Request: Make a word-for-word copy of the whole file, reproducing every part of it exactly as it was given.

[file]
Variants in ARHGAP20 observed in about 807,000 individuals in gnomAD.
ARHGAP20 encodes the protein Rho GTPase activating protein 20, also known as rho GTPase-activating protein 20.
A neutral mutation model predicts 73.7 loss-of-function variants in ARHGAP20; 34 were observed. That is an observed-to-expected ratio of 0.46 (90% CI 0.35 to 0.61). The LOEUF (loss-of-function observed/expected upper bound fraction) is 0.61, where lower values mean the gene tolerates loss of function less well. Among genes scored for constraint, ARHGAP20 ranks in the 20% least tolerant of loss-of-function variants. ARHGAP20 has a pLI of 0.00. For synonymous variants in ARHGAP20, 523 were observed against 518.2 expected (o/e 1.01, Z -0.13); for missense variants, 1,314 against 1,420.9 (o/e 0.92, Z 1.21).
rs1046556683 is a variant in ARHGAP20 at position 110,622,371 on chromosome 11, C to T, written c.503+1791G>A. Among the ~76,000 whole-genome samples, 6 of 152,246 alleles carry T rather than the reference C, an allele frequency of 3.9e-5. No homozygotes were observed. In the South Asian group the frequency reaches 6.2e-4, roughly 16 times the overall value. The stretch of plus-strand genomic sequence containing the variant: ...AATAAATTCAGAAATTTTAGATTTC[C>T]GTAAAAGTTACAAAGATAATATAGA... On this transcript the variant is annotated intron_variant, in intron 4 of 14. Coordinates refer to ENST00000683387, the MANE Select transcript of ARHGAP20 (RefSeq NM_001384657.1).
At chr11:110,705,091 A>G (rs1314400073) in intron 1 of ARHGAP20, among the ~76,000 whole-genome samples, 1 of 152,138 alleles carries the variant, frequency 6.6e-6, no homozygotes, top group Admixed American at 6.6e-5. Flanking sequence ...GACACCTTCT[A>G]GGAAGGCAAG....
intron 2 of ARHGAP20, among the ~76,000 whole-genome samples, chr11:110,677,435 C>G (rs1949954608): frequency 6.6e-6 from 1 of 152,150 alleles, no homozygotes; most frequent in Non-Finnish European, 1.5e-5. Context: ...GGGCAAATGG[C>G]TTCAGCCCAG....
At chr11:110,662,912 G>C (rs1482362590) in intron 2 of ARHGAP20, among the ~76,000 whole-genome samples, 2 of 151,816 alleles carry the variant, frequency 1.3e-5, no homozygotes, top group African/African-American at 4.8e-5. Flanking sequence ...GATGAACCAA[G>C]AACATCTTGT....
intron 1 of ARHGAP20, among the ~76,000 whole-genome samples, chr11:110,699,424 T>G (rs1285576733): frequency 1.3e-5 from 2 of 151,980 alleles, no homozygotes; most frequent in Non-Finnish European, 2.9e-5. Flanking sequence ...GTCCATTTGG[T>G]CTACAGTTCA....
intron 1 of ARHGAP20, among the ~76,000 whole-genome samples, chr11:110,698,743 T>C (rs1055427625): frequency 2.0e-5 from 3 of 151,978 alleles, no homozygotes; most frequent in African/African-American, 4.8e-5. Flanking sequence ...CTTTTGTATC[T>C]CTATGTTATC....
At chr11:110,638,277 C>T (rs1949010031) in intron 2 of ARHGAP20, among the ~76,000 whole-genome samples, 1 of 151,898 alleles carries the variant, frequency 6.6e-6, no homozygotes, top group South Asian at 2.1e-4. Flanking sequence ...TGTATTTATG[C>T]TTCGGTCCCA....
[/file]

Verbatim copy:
Variants in ARHGAP20 observed in about 807,000 individuals in gnomAD.
ARHGAP20 encodes the protein Rho GTPase activating protein 20, also known as rho GTPase-activating protein 20.
A neutral mutation model predicts 73.7 loss-of-function variants in ARHGAP20; 34 were observed. That is an observed-to-expected ratio of 0.46 (90% CI 0.35 to 0.61). The LOEUF (loss-of-function observed/expected upper bound fraction) is 0.61, where lower values mean the gene tolerates loss of function less well. Among genes scored for constraint, ARHGAP20 ranks in the 20% least tolerant of loss-of-function variants. ARHGAP20 has a pLI of 0.00. For synonymous variants in ARHGAP20, 523 were observed against 518.2 expected (o/e 1.01, Z -0.13); for missense variants, 1,314 against 1,420.9 (o/e 0.92, Z 1.21).
rs1046556683 is a variant in ARHGAP20 at position 110,622,371 on chromosome 11, C to T, written c.503+1791G>A. Among the ~76,000 whole-genome samples, 6 of 152,246 alleles carry T rather than the reference C, an allele frequency of 3.9e-5. No homozygotes were observed. In the South Asian group the frequency reaches 6.2e-4, roughly 16 times the overall value. The stretch of plus-strand genomic sequence containing the variant: ...AATAAATTCAGAAATTTTAGATTTC[C>T]GTAAAAGTTACAAAGATAATATAGA... On this transcript the variant is annotated intron_variant, in intron 4 of 14. Coordinates refer to ENST00000683387, the MANE Select transcript of ARHGAP20 (RefSeq NM_001384657.1).
At chr11:110,705,091 A>G (rs1314400073) in intron 1 of ARHGAP20, among the ~76,000 whole-genome samples, 1 of 152,138 alleles carries the variant, frequency 6.6e-6, no homozygotes, top group Admixed American at 6.6e-5. Flanking sequence ...GACACCTTCT[A>G]GGAAGGCAAG....
intron 2 of ARHGAP20, among the ~76,000 whole-genome samples, chr11:110,677,435 C>G (rs1949954608): frequency 6.6e-6 from 1 of 152,150 alleles, no homozygotes; most frequent in Non-Finnish European, 1.5e-5. Context: ...GGGCAAATGG[C>G]TTCAGCCCAG....
At chr11:110,662,912 G>C (rs1482362590) in intron 2 of ARHGAP20, among the ~76,000 whole-genome samples, 2 of 151,816 alleles carry the variant, frequency 1.3e-5, no homozygotes, top group African/African-American at 4.8e-5. Flanking sequence ...GATGAACCAA[G>C]AACATCTTGT....
intron 1 of ARHGAP20, among the ~76,000 whole-genome samples, chr11:110,699,424 T>G (rs1285576733): frequency 1.3e-5 from 2 of 151,980 alleles, no homozygotes; most frequent in Non-Finnish European, 2.9e-5. Flanking sequence ...GTCCATTTGG[T>G]CTACAGTTCA....
intron 1 of ARHGAP20, among the ~76,000 whole-genome samples, chr11:110,698,743 T>C (rs1055427625): frequency 2.0e-5 from 3 of 151,978 alleles, no homozygotes; most frequent in African/African-American, 4.8e-5. Flanking sequence ...CTTTTGTATC[T>C]CTATGTTATC....
At chr11:110,638,277 C>T (rs1949010031) in intron 2 of ARHGAP20, among the ~76,000 whole-genome samples, 1 of 151,898 alleles carries the variant, frequency 6.6e-6, no homozygotes, top group South Asian at 2.1e-4. Flanking sequence ...TGTATTTATG[C>T]TTCGGTCCCA....